Press "Enter" to skip to content

Research Highlights Antibiotic From Dirt Can Demolish Mutant Mycobacteria Responsible For TB

From last many decades, doctors are using antibiotics to fight life-threatening tuberculosis (TB). And every time, Mycobacterium tuberculosis, the microbe responsible for this disease, is seen to be fighting back. When confronted with the latest medicines such as the antibiotic rifamycin, the bacterium is often found to be mutating in ways that make it treatment resistant. Reportedly, the rifamycin resistance rates are continuously increasing. This situation is presenting a big concern to doctors engaged in treating TB patients.

However, a new research from scientists at Rockefeller highlights that nature might have a solution for rifamycin resistance. The latest research published in Nature Communications states that an antibiotic noticed in the dirt has the ability to demolish the mutant mycobacteria. Rifamycin works by aiming at the RNA polymerase (RNAP), which is an enzyme important to the survival of bacteria. The resistance is developed when the genes coding for RNAP transform. Even a minute genetic transformation can stop Rifamycin from connecting to the enzyme and hinders its function.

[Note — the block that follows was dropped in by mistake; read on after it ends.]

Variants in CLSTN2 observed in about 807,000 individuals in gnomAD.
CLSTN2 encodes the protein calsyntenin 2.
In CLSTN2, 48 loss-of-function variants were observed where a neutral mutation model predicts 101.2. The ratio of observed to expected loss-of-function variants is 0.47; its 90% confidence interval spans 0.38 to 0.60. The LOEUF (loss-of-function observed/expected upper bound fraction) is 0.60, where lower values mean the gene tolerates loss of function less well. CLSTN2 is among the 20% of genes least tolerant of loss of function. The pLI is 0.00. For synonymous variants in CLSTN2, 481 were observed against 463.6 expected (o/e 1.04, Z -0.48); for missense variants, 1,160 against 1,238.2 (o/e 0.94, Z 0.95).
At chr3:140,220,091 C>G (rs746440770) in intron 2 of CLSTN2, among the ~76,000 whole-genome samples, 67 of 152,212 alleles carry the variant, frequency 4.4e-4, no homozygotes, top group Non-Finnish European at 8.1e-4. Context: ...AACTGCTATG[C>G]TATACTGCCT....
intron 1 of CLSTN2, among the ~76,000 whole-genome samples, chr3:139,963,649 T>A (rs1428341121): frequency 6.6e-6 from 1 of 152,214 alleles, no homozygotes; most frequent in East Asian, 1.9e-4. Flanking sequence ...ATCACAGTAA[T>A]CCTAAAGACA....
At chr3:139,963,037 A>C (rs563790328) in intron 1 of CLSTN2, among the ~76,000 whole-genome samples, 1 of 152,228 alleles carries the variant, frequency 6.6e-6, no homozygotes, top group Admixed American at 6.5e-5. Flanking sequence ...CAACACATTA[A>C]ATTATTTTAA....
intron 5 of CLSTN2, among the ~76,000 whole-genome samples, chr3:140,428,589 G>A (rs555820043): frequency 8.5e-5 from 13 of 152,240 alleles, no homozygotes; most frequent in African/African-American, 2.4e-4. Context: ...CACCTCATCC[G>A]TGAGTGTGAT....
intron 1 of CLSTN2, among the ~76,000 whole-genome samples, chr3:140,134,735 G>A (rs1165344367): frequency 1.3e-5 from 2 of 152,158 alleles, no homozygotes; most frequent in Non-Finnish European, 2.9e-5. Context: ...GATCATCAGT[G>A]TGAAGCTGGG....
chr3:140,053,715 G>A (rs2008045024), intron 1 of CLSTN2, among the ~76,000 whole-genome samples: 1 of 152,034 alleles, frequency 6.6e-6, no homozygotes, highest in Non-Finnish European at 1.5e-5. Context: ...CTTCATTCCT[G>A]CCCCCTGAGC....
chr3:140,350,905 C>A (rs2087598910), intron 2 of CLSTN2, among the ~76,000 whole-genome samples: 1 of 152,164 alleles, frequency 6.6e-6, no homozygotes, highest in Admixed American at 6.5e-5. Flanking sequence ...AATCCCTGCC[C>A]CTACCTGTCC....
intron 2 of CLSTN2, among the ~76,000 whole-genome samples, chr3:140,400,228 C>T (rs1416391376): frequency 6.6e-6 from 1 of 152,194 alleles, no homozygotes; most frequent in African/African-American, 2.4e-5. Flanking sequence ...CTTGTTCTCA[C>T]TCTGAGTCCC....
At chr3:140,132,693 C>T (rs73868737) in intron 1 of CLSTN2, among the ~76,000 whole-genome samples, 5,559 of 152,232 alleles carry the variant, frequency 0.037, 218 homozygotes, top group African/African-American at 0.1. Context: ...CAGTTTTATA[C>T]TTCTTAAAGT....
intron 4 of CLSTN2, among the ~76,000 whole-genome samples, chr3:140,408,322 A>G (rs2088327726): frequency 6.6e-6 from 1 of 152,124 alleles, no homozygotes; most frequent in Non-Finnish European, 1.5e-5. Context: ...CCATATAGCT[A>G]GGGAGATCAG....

On a similar note, LSTM and TB Alliance recently announced their collaboration. Reportedly, this collaboration is intended to find out new drug combination therapies, which could assist the fight against multidrug-resistant tuberculosis (MDR-TB). The latest partnership was granted with an award of £1 Million from the Medical Research Council (MRC). This novel collaboration is backed by the MRC to study drug regimens to attack drug-resistant tuberculosis.

The grant offered is a part of the £4 Million Global Challenges Research Fund intended for Antimicrobial Target Discovery and Validation. Giancarlo Biagini, Professor, Research Centre for Drugs and Diagnostics, LSTM, is supposed to lead the research team and validate novel drug combinations that would target the respiratory sequence of the bacteria causing TB. This exciting novel research partnership is supposed to have a key impact globally, principally in countries with low and middle incomes.

Be First to Comment

Leave a Reply

Your email address will not be published. Required fields are marked *